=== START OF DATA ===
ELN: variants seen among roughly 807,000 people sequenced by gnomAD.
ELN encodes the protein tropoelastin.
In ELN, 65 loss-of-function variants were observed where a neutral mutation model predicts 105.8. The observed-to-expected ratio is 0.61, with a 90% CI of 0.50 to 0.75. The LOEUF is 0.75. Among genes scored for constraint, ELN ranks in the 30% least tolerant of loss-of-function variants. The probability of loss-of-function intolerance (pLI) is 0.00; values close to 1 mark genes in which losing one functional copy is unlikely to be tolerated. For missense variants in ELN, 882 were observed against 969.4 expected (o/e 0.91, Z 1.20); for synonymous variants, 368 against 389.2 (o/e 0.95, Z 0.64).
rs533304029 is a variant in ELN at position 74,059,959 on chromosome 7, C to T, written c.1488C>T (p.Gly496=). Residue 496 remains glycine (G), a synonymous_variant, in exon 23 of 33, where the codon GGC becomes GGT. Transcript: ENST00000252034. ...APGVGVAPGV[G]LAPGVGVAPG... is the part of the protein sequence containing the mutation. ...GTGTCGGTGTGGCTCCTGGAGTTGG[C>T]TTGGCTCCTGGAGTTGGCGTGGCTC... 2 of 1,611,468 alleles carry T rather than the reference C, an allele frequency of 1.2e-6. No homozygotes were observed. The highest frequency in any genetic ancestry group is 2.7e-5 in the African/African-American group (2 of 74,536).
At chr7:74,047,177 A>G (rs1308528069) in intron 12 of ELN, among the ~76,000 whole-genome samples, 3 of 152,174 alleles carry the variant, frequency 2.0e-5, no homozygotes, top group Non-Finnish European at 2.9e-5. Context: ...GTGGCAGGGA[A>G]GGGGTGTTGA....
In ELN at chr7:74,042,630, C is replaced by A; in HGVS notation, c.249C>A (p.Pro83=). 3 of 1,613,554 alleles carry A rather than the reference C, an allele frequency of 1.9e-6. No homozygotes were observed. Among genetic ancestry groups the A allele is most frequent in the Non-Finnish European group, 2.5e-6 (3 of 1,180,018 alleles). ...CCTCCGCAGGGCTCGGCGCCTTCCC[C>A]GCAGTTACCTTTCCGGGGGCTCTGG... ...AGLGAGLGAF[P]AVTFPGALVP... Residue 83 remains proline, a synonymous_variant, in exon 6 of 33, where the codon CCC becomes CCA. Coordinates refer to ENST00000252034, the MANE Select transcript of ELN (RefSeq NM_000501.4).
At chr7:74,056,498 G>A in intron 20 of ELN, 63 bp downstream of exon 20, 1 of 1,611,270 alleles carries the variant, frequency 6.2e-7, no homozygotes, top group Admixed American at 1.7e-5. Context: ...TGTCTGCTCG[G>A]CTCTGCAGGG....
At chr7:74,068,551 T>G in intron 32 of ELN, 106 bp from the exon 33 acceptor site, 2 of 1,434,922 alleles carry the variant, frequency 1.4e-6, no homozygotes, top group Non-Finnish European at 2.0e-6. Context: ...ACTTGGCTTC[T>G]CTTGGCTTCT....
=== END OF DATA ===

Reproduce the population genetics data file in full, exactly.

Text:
ELN: variants seen among roughly 807,000 people sequenced by gnomAD.
ELN encodes the protein tropoelastin.
In ELN, 65 loss-of-function variants were observed where a neutral mutation model predicts 105.8. The observed-to-expected ratio is 0.61, with a 90% CI of 0.50 to 0.75. The LOEUF is 0.75. Among genes scored for constraint, ELN ranks in the 30% least tolerant of loss-of-function variants. The probability of loss-of-function intolerance (pLI) is 0.00; values close to 1 mark genes in which losing one functional copy is unlikely to be tolerated. For missense variants in ELN, 882 were observed against 969.4 expected (o/e 0.91, Z 1.20); for synonymous variants, 368 against 389.2 (o/e 0.95, Z 0.64).
rs533304029 is a variant in ELN at position 74,059,959 on chromosome 7, C to T, written c.1488C>T (p.Gly496=). Residue 496 remains glycine (G), a synonymous_variant, in exon 23 of 33, where the codon GGC becomes GGT. Transcript: ENST00000252034. ...APGVGVAPGV[G]LAPGVGVAPG... is the part of the protein sequence containing the mutation. ...GTGTCGGTGTGGCTCCTGGAGTTGG[C>T]TTGGCTCCTGGAGTTGGCGTGGCTC... 2 of 1,611,468 alleles carry T rather than the reference C, an allele frequency of 1.2e-6. No homozygotes were observed. The highest frequency in any genetic ancestry group is 2.7e-5 in the African/African-American group (2 of 74,536).
At chr7:74,047,177 A>G (rs1308528069) in intron 12 of ELN, among the ~76,000 whole-genome samples, 3 of 152,174 alleles carry the variant, frequency 2.0e-5, no homozygotes, top group Non-Finnish European at 2.9e-5. Context: ...GTGGCAGGGA[A>G]GGGGTGTTGA....
In ELN at chr7:74,042,630, C is replaced by A; in HGVS notation, c.249C>A (p.Pro83=). 3 of 1,613,554 alleles carry A rather than the reference C, an allele frequency of 1.9e-6. No homozygotes were observed. Among genetic ancestry groups the A allele is most frequent in the Non-Finnish European group, 2.5e-6 (3 of 1,180,018 alleles). ...CCTCCGCAGGGCTCGGCGCCTTCCC[C>A]GCAGTTACCTTTCCGGGGGCTCTGG... ...AGLGAGLGAF[P]AVTFPGALVP... Residue 83 remains proline, a synonymous_variant, in exon 6 of 33, where the codon CCC becomes CCA. Coordinates refer to ENST00000252034, the MANE Select transcript of ELN (RefSeq NM_000501.4).
At chr7:74,056,498 G>A in intron 20 of ELN, 63 bp downstream of exon 20, 1 of 1,611,270 alleles carries the variant, frequency 6.2e-7, no homozygotes, top group Admixed American at 1.7e-5. Context: ...TGTCTGCTCG[G>A]CTCTGCAGGG....
At chr7:74,068,551 T>G in intron 32 of ELN, 106 bp from the exon 33 acceptor site, 2 of 1,434,922 alleles carry the variant, frequency 1.4e-6, no homozygotes, top group Non-Finnish European at 2.0e-6. Context: ...ACTTGGCTTC[T>G]CTTGGCTTCT....